On the other hand, there are behaviors and thoughts that make us feel guilty because we “are guilty.” That is fact. If I harm an individual intentionally, as a Christian, I will feel guilty. I will feel guilty because I am guilty. There are individuals in relationship with the Lord who are masterful at burying the feeling of guilt beneath justifications and rationalizations. In actuality, they are postponing feeling the effect of guilt. Guilt does not disappear apart from confession and forgiveness. As stated previously, our sins do find us out! Guilt will weave its way through our insensitivity and manifest itself in a myriad of ways. Years ago, I counseled a member suffering from severe insomnia and physical tics. After a few conversations the member confessed to something. He spoke on his own, and out of the blue. It was actually the soul deeply trying to rid itself of the guilt. After praying for forgiveness, the tics immediately lessened and disappeared.   Eventually, the same happened with the insomnia. Guilt is a powerful, serious state of being.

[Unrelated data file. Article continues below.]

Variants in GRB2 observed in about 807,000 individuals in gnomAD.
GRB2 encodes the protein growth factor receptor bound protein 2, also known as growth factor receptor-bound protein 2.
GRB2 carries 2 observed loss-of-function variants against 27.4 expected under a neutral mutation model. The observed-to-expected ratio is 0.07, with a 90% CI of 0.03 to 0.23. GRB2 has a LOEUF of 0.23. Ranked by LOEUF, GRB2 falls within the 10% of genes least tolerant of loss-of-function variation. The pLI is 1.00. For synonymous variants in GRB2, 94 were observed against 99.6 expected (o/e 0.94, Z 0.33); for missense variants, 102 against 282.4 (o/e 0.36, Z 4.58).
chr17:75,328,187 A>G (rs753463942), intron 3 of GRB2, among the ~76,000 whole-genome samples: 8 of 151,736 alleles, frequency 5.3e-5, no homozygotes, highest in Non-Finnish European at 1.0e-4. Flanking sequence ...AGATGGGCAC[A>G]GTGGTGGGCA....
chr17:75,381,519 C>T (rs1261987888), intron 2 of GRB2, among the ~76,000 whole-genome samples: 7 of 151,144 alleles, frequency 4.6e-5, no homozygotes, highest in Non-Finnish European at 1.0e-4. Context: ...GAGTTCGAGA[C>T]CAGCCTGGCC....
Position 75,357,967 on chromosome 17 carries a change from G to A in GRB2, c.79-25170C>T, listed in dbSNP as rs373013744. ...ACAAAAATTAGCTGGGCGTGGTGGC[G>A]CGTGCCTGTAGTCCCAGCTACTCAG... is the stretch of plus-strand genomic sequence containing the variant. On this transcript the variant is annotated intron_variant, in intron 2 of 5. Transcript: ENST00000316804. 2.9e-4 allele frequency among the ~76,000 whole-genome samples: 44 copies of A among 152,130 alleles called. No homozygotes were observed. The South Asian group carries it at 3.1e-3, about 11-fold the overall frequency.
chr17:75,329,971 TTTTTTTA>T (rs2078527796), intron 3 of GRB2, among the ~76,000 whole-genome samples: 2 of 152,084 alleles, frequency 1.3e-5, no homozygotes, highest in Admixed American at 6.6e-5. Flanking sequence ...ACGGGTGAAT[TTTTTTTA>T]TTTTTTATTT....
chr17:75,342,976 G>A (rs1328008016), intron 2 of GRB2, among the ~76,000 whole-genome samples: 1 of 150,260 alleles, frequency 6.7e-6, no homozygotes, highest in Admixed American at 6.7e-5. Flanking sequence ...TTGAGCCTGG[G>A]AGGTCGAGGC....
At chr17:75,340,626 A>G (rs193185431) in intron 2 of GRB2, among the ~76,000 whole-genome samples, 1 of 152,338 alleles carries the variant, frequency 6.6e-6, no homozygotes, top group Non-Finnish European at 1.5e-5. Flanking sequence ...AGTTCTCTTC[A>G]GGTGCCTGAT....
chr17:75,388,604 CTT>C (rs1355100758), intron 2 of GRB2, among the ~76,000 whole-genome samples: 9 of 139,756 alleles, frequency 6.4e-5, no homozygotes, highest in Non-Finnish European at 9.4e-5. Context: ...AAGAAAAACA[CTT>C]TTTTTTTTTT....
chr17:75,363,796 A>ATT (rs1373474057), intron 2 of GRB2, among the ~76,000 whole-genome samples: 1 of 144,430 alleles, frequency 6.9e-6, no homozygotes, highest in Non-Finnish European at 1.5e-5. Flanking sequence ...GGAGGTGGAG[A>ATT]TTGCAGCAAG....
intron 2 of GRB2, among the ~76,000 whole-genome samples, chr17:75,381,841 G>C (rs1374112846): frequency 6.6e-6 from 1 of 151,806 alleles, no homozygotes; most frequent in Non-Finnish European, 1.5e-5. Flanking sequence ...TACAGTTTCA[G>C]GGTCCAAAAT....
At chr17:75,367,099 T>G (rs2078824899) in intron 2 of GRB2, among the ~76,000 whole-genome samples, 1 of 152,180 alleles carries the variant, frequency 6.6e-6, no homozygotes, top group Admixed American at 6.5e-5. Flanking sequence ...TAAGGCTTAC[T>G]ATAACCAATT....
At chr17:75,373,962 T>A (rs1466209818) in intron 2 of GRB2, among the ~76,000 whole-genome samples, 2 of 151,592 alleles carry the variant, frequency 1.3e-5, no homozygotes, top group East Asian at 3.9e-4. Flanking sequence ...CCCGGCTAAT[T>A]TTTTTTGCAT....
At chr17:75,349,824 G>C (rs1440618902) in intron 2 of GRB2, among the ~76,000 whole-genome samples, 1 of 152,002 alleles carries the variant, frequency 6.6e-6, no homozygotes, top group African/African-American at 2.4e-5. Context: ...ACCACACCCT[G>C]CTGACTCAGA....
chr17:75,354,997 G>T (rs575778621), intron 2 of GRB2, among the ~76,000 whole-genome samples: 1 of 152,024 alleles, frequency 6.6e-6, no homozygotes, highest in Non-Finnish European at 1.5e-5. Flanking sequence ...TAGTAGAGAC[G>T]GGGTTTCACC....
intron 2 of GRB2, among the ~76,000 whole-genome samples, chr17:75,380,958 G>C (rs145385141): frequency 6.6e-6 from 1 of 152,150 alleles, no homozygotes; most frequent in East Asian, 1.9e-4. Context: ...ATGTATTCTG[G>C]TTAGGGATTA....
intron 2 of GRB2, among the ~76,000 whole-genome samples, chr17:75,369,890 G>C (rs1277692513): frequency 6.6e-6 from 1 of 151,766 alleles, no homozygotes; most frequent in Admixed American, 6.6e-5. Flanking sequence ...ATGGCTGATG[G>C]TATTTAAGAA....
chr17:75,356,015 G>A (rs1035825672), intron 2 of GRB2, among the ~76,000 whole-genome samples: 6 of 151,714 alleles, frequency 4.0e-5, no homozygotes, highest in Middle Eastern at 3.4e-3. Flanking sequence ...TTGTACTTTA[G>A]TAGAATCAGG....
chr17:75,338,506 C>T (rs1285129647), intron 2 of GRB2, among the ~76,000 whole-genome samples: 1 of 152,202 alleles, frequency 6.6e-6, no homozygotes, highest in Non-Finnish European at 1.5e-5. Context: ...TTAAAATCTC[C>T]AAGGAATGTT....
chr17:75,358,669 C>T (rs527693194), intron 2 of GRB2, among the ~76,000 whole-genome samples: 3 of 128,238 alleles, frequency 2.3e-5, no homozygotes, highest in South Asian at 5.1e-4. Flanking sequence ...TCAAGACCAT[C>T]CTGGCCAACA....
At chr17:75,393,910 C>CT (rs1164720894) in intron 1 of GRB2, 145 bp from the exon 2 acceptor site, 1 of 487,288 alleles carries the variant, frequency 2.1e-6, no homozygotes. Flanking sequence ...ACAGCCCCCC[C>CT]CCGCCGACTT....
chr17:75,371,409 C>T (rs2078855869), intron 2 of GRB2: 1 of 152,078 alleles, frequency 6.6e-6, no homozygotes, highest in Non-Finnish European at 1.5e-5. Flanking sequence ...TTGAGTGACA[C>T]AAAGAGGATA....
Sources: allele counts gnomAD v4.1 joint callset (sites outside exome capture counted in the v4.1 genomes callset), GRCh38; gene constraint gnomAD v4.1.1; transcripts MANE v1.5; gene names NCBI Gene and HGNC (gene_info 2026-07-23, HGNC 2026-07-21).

God created us to feel such guilt. The human spirit was created for serenity, creativity, joy and meaning. Guilt stifles all four. The desire for redemption is a gift from God in the conscience that leads each of us to seek forgiveness, restoration, community, and new life. On occasion God uses our experiences to confront us with our destructive sin and guilt. Why? God allows us to experience guilt to draw us toward the Lord and forgiveness.
 
In our narrative, Judah has to face his sin and guilt. In facing Tamar, he is facing his own unrighteousness. Tamar holds the proof of his sin before him. He cannot deny his own seal and staff.